Kurt Busch is looking to write a dream ending to a season that got off to a nightmarish start.
He has overcome what has since been deemed an unjust suspension that sidelined him for the first three races, including the Daytona 500. Now the season ranks among the best in his career, earning him a contract extension and seeing him into the final eight in the Chase for the Sprint Cup.
He is considered one of the favorites to win the championship, given his strong history at the three races in the Eliminator Round. He has won at every track in the round, including twice at Martinsville Speedway, site of Sunday’s Goody’s Headache Relief Shot 500.
“This was our objective at the beginning of the year,” said Busch, the 2004 Cup champion who will start 15th on Sunday. “We had a solid goal in place to be a top-eight team and we’re there. And now we have to apply the certain logic and strategy to win this championship.
13 Top-10 finishes in 25 races at Texas Motor Speedway.
“Once you get this far, this is the best of the best at this point, and it turns more back into a points race with four races that you have to accumulate the most amount of points as possible.”
Busch, 37, should feel confident in his ability to rack up points and earn a spot as one of the final four drivers in the championship race at Homestead-Miami Speedway on Nov. 22. A victory by any one the eight drivers in the round secures a spot in the championship.
But at least one spot will be determined by points, and Busch figures to be a strong contender to qualify one way or the other.
He has two wins, and is in the midst of his best season, at least statistically. Busch has an average finish of 10.7, which is almost two full spots better than his championship year (12.5).
Additionally, Busch is driving for a team, Stewart-Haas Racing, that won last year’s championship with Kevin Harvick.
Kurt Busch has an average finish of 10.7, almost two full spots better than his championship year in 2004 (12.5)
All of it adds up to making Busch and his No. 41 Haas Automation Chevrolet team a dangerous threat with four races to go.
“I don’t see any reason why he couldn’t win the title,” Texas Motor Speedway president Eddie Gossage said. “That would be some sort of comeback considering how the season started for him.”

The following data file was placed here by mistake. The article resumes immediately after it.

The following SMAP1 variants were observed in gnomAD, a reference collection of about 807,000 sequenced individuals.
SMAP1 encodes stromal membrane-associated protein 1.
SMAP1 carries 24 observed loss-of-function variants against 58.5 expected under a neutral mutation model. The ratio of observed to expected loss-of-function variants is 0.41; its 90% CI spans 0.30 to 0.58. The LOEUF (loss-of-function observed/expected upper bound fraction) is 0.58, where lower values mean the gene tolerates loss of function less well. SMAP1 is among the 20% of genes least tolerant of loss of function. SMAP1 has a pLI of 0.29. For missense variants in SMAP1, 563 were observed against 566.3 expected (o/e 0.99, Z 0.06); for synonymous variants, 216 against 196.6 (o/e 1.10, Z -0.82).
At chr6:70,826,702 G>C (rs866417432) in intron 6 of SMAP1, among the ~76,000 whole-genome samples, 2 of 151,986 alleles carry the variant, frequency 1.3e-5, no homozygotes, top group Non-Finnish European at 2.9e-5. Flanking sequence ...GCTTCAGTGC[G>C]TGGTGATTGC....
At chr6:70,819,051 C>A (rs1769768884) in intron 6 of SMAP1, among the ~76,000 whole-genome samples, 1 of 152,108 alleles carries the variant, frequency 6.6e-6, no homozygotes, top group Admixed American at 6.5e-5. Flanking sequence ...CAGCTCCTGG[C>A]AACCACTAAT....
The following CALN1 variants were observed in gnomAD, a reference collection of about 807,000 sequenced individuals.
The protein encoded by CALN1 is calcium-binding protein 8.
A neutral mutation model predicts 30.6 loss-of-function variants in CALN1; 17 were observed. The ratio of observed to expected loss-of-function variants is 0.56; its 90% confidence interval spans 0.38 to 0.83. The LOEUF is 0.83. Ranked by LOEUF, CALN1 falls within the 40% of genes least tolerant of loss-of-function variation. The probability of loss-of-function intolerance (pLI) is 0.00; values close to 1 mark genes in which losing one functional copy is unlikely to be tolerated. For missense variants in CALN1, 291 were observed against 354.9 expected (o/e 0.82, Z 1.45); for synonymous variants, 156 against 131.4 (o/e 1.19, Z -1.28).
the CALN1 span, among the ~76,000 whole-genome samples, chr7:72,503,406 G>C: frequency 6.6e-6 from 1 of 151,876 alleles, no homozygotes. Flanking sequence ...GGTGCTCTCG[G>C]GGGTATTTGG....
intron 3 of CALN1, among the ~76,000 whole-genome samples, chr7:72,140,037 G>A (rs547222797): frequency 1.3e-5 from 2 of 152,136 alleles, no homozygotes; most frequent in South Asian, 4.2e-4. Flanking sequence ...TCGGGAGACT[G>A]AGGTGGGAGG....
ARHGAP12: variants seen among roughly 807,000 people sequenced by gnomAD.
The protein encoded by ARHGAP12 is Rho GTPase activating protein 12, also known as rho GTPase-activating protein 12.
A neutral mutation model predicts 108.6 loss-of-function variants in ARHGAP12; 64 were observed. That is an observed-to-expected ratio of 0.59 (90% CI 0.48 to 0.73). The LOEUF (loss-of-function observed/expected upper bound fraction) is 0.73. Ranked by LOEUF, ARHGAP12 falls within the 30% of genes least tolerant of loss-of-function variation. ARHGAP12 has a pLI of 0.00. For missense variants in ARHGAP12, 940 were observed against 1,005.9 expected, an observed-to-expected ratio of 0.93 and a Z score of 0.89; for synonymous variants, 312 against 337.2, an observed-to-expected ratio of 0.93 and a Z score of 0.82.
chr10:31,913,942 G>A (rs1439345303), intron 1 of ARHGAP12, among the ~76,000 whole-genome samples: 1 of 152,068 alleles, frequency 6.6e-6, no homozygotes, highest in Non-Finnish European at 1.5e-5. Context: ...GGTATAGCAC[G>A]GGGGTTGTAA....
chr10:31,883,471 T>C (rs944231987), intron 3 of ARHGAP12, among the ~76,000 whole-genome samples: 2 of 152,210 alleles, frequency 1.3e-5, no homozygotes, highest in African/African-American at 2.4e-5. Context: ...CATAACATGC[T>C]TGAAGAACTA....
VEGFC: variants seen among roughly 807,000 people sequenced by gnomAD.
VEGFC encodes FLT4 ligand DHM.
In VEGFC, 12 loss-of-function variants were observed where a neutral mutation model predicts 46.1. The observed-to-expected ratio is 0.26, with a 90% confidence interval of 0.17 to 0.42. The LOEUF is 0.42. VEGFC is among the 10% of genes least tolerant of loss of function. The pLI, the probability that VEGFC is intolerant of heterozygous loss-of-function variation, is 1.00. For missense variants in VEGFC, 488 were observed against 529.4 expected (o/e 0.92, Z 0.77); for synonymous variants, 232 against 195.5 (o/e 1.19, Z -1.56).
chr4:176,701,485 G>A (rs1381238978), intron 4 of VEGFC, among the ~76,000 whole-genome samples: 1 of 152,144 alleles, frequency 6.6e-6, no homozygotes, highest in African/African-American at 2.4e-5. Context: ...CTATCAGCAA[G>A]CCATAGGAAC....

His season couldn’t have started worse.
Days before the Daytona 500, Busch had been handed an indefinite suspension after a Delaware family court commissioner concluded that he more likely than not “committed an act of domestic violence” against his ex-girlfriend.
Busch appealed the suspension in an expedited process, but to no avail. He missed the Daytona 500, and the next two races before he was cleared.
In March, the Delaware attorney general’s office announced that it would not pursue criminal charges against Busch, citing it wouldn’t be able to prove the case beyond a reasonable doubt.
“In today’s politically correct world, you’re guilty until proven innocent,” said Gossage, who considers Busch a friend. “At the same time, NASCAR had to take the charges seriously, but under further examination things fell apart.
“I’m proud of how he handled it and how he’s done everything right. It’s unfair that he started off this year with a tainted, controversial deal, but he kept his mouth shut and just went about his business the right way. He’s earned where he’s at this year.”
Busch put his suspension behind him once he returned to the racetrack. He finished fifth in his season debut at Phoenix, then won the pole and placed third at Fontana, Calif., the next week.
Busch won another pole at Texas in April, and notched his first win of the season later that month at Richmond. He had a second visit to Victory Lane at Michigan in June, and is now looking to cap his season with a championship run.
Quite a season for a guy whose racing days appeared to be in serious jeopardy when the season begun.
12:15 p.m. Sunday, NBCSN